Reading this on a mobile device? Try our optimized mobile version here:

April 10, 2012
Sign upForwardArchiveAdvertise
News for professionals focused on the health of women and newborns

  Women's Health Update 
  • Study links genital warts to several cancer types
    Data from the medical records of almost 33,000 Danish women and more than 16,000 men with genital warts showed that they have higher rates of cervical, penile, mouth, vaginal and throat cancer compared with the general population. Researchers also found that men with genital warts were more likely to develop anal cancer than their female counterparts. The 30-year study was published in the Journal of Infectious Diseases. Reuters (4/4) LinkedInFacebookTwitterEmail this Story
  • Contraceptive use may raise breast cancer risk
    Young women who use an injectable form of progestin-only contraceptive have a 2.2-fold higher risk of developing invasive breast cancer, according to a new study in the journal Cancer Research. The risk, however, dissipates within months after a woman stops using the contraceptive. HealthDay News (4/4) LinkedInFacebookTwitterEmail this Story
  • Other News
Georgetown University School of Nursing and Health Studies. Nursing@Georgetown is a Master of Science in Nursing program delivered online by Georgetown’s renowned School of Nursing and Health Studies. These programs are designed to help the next generation of nursing leaders achieve their career goals while improving the health and well-being of all people.
  Obstetrics Focus 
  • Maternal obesity, diabetes may increase risk of autism, study finds
    In comparison with healthy women, those who were obese or had diabetes or hypertension during pregnancy were 1.61 times more likely to have children with autism and were 2.35 times more likely to have children who were developmentally delayed, a study found. Although pregnant women with type 2 or gestational diabetes were 2.33 times as likely to have children with developmental delays, researchers failed to find a statistically significant correlation between diabetes and autism rates. The findings appear in the journal Pediatrics. Los Angeles Times (tiered subscription model) (4/8), The Washington Post/The Associated Press (4/9) LinkedInFacebookTwitterEmail this Story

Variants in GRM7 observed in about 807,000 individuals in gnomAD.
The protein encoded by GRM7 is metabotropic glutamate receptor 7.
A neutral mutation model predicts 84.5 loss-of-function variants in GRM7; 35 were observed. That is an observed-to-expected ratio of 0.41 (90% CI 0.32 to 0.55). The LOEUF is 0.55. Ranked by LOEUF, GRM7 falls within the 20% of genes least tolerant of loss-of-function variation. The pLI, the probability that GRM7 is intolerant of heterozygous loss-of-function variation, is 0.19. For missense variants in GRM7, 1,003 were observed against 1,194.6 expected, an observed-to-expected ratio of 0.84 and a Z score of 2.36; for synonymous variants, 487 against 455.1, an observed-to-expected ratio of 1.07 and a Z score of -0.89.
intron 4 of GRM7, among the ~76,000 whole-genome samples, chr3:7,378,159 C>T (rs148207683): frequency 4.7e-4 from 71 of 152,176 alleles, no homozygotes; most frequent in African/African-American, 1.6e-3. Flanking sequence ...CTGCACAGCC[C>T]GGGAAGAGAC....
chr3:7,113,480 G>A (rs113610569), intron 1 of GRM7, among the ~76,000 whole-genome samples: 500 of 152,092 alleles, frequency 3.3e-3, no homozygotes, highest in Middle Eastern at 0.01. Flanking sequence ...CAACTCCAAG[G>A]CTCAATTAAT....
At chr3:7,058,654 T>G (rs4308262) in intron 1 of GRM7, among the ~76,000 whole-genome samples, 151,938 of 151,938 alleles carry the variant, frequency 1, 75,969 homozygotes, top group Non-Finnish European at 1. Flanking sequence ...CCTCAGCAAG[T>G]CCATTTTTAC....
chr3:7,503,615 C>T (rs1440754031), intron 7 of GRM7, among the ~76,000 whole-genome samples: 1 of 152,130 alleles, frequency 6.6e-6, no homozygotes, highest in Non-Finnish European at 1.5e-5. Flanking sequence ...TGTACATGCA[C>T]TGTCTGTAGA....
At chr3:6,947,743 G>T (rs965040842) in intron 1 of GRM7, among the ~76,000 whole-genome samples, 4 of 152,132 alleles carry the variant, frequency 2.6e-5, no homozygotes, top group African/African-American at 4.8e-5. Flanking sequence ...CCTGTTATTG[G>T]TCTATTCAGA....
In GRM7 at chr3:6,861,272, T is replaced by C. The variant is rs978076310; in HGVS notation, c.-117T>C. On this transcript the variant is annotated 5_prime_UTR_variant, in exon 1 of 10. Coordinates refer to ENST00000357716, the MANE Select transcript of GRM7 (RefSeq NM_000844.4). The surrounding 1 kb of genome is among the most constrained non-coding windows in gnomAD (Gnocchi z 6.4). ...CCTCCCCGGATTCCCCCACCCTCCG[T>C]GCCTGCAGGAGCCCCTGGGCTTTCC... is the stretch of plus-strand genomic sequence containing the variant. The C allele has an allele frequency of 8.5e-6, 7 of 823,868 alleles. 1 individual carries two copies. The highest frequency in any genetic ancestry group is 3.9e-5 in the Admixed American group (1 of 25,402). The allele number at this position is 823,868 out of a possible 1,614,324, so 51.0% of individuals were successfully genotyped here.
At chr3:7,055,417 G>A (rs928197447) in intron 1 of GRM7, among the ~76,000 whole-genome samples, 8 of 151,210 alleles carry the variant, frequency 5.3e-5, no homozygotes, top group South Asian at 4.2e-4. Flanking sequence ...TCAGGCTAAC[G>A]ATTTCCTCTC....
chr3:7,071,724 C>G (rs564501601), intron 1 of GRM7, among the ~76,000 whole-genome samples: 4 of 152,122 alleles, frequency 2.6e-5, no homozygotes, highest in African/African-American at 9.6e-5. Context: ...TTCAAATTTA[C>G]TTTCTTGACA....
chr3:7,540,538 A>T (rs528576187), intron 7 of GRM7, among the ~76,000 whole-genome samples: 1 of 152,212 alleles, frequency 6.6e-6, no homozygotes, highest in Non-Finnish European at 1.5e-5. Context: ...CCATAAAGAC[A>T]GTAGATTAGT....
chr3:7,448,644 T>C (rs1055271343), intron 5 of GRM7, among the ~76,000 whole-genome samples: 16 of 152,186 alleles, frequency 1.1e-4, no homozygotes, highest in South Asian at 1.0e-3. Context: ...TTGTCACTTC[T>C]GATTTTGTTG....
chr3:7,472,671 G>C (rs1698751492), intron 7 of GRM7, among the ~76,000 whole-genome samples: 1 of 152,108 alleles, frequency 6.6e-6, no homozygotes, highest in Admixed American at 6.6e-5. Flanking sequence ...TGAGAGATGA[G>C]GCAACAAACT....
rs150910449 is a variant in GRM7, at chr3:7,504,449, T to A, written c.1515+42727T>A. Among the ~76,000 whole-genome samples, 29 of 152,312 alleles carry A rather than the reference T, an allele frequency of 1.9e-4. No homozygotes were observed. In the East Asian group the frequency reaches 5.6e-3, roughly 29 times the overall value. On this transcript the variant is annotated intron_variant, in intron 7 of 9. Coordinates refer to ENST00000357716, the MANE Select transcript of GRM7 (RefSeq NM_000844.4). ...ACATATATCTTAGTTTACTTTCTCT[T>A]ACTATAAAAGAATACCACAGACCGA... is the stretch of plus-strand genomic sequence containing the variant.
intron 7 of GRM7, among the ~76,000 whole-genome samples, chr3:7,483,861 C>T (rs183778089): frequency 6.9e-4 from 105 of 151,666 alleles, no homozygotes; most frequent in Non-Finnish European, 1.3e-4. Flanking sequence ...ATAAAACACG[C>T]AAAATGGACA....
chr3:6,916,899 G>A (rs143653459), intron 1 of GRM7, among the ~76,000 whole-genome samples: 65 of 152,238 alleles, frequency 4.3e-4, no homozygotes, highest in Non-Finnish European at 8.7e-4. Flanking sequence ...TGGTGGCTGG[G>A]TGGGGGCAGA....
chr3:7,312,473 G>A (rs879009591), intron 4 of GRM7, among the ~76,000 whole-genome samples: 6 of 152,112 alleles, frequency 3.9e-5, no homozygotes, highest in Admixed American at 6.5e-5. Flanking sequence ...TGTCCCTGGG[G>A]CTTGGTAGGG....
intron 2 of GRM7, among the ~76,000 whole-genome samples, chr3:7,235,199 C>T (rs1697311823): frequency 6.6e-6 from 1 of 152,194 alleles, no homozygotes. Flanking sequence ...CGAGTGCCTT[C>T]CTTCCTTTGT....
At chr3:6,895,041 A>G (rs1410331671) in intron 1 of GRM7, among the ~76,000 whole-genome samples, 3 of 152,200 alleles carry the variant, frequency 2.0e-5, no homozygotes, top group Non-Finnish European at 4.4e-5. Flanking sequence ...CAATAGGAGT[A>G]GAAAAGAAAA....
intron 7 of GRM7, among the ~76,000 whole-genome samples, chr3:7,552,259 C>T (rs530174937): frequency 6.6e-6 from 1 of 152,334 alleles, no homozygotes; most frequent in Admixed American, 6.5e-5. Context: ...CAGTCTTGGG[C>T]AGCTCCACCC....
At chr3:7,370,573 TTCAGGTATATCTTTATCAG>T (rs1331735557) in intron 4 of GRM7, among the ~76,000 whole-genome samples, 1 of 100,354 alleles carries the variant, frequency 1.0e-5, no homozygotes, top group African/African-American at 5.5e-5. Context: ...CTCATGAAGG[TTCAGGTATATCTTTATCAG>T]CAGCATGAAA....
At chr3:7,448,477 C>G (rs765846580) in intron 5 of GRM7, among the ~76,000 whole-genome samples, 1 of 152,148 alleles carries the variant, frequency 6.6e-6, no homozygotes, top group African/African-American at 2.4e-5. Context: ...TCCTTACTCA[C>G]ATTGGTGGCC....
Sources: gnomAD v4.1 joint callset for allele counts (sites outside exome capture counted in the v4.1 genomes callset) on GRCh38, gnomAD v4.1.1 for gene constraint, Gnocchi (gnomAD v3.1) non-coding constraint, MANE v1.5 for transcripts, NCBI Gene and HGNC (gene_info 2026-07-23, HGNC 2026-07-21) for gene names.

• Study: Pesticides raise risk for shorter pregnancies, smaller babies
    Women exposed to high levels of organophosphates had pregnancies an average of three to four days shorter and babies who weighed about a third of a pound less than women with lower exposure levels, according to a study in the journal Environmental Health Perspectives. However, researchers found that the reduction in pregnancy duration was statistically significant only in white women, and the lower birth weight was significant only for black women. HealthDay News (4/5) LinkedInFacebookTwitterEmail this Story
  AWHONN Spotlight on Research 
  • Study: Morbid obesity increases risk of fetal loss following amniocentesis
    Morbid obesity increases a pregnant woman's risk of fetal loss after amniocentesis, concludes a new study in Obstetrics & Gynecology. The findings are important because obese women are more likely to be recommended for invasive prenatal testing, given that maternal obesity hinders the ability of ultrasonography to help detect conditions such as Down syndrome. Women who were moderately obese were not at increased risk of fetal loss after amniocentesis or chorionic villus sampling compared with women of normal weight. Women with a BMI of 40.0 or higher, however, were 2.2 times more likely to miscarry after amniocentesis compared with women with a BMI of 25.0 or less, although they had similar rates of fetal loss after CVS. The authors conclude that clinicians should consider using BMI-specific information, particularly for morbidly obese women, when counseling women regarding the risk of fetal loss after an invasive prenatal diagnostic procedure. Read the abstract. LinkedInFacebookTwitterEmail this Story